Sergeants at Arms Extend Capitol Closure
WASHINGTON – The U.S. Capitol building will remain closed to tourists through May 1, the Sergeants at Arms of the House and Senate announced Monday.
The decision comes after the White House extended its voluntary guidance on social distancing to the end of April.
Both moves were made as the federal government continues to grapple with what is the best way to deal with the ongoing coronavirus outbreak.
In addition to extending the suspension of tours, Paul Irving, Sergeant at Arms for the House, and Michael Stenger, Sergeant at Arms for the Senate, access to the Capitol and the House and Senate Office Buildings will be limited to elected officials, their staff, credentialed press and those with official business with lawmakers.
“We are taking this temporary action out of concern for the health and safety of congressional employees as well as the public. We appreciate the understanding of those with planned visits interrupted by this necessary, but prudent, decision,” Irving and Stenger said.
In The News
In The News
Chicago’s Mayor Lori Lightfoot on Monday unveiled an unusual plan to encourage Chicagoans to participate in the U.S. government’s once-a-decade push to count every U.S. resident: a cowboy on a horse. The mayor was speaking at a press conference when a man in torn denim and... Read More
What is contact tracing, and how does it work with COVID-19? The goal of contact tracing is to alert people who may have been exposed to someone with the coronavirus, and prevent them from spreading it to others. Health experts say contact tracing is key to... Read More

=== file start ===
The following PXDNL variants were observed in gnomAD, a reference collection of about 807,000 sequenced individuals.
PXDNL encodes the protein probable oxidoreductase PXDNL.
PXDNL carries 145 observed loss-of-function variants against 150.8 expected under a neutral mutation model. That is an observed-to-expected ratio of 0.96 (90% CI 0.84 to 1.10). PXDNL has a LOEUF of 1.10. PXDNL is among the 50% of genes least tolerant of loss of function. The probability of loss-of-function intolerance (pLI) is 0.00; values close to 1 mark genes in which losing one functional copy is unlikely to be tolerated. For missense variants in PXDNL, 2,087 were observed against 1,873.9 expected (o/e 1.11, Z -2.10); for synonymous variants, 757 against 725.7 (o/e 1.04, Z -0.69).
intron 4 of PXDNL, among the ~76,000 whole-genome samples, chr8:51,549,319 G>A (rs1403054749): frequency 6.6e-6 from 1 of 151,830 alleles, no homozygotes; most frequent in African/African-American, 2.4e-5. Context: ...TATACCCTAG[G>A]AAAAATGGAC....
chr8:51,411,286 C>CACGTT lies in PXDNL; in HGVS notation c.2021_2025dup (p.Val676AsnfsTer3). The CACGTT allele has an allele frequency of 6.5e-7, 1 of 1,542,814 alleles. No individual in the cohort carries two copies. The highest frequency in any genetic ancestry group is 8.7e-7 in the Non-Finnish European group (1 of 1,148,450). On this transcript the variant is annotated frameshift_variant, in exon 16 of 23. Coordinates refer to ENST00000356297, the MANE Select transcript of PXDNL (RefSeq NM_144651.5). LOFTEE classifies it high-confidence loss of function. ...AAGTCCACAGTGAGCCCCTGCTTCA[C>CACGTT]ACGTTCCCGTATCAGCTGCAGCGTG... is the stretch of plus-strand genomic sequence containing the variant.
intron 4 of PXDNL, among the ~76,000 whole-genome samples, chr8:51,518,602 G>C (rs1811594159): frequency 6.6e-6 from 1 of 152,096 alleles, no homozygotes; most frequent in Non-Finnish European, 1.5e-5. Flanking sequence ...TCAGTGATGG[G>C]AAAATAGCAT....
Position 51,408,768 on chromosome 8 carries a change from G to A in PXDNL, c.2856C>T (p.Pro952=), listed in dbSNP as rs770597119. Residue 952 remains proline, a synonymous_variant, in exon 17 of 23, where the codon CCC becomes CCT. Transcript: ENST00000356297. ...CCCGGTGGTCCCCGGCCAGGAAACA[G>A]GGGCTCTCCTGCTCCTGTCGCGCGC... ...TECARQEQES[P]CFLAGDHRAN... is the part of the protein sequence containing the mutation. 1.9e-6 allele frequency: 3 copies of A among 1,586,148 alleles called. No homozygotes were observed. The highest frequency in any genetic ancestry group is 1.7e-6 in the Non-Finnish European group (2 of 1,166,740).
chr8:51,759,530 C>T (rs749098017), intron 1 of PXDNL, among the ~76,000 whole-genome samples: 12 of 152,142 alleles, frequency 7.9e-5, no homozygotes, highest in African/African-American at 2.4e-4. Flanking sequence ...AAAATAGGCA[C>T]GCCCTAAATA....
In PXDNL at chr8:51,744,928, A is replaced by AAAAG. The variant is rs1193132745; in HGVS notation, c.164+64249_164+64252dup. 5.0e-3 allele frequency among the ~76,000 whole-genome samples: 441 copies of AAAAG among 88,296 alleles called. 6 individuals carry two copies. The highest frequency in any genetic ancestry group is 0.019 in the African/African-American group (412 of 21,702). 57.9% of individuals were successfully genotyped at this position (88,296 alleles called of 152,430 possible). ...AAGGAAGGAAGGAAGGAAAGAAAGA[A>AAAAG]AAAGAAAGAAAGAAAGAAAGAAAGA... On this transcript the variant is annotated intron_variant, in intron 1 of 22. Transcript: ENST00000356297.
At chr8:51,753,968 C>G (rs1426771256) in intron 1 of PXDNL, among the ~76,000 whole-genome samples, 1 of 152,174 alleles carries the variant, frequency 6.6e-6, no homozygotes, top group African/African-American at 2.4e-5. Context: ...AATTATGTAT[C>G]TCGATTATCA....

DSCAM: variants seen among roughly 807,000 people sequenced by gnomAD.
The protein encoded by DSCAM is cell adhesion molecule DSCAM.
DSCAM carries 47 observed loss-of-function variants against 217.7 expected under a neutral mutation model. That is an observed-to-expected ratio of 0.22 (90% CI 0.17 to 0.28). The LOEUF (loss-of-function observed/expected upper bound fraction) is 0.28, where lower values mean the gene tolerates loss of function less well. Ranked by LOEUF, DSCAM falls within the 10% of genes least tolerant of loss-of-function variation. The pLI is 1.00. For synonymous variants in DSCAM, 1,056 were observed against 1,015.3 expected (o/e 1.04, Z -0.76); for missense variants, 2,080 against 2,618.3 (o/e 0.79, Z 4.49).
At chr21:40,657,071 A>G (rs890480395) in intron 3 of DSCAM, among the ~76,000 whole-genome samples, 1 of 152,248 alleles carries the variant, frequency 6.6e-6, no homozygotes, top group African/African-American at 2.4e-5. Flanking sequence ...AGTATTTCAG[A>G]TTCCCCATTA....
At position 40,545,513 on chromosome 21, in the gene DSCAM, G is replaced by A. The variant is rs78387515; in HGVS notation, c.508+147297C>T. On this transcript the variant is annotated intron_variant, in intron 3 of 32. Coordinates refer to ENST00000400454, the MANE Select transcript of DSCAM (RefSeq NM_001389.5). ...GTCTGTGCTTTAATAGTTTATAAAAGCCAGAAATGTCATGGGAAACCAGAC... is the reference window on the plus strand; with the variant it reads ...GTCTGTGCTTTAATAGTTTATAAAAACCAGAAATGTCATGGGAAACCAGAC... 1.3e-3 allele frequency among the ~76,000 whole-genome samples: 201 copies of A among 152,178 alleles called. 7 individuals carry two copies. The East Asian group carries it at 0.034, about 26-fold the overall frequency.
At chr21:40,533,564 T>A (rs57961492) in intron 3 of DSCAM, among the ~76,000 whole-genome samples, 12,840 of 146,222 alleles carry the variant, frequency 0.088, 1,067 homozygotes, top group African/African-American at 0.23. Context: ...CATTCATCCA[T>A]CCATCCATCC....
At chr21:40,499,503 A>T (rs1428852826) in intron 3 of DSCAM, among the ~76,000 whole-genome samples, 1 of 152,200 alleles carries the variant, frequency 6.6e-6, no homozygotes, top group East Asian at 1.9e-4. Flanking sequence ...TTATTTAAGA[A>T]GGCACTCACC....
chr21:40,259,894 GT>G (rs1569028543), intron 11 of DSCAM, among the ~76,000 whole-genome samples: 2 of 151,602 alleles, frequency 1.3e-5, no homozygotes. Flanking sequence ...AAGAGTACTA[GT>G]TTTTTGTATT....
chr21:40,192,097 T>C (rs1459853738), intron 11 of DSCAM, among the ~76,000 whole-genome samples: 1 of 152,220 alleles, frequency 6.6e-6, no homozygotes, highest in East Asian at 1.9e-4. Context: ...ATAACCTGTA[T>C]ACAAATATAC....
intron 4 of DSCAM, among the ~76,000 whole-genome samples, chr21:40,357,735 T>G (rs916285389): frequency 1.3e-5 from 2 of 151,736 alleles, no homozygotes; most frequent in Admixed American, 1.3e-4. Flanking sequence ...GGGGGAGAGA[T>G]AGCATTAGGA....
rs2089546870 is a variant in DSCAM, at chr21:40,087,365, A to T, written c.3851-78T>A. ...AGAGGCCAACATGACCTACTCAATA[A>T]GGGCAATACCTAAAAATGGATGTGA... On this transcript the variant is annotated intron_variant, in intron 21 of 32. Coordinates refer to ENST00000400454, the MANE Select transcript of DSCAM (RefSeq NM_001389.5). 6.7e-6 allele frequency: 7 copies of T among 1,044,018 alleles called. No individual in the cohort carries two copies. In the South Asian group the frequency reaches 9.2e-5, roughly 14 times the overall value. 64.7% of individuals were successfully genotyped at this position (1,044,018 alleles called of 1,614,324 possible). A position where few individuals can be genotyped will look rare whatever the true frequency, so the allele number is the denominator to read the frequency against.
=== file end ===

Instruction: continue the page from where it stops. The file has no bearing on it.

WASHINGTON (AP) — With U.S. virus cases spiking and the death toll mounting, the White House is working to undercut its most trusted coronavirus expert, playing down the danger as President Donald Trump pushes to get the economy moving before he faces voters in November. The... Read More
WASHINGTON (AP) — The Trump administration escalated its actions against China on Monday by stepping squarely into one of the most sensitive regional issues dividing them and rejecting outright nearly all of Beijing’s significant maritime claims in the South China Sea. The administration presented the decision... Read More
BALTIMORE (AP) — Three immigration courts reopened Monday as the government extended its push to fully restart the clogged system despite rising coronavirus cases in states where many of the small courtrooms are located. In Baltimore, people with hearings to reach final decisions were allowed to enter the... Read More
BOSTON (AP) — More than 200 universities are backing a legal challenge to the Trump administration’s new restrictions on international students, arguing that the policy jeopardizes students' safety and forces schools to reconsider fall plans they have spent months preparing. The schools have signed court briefs... Read More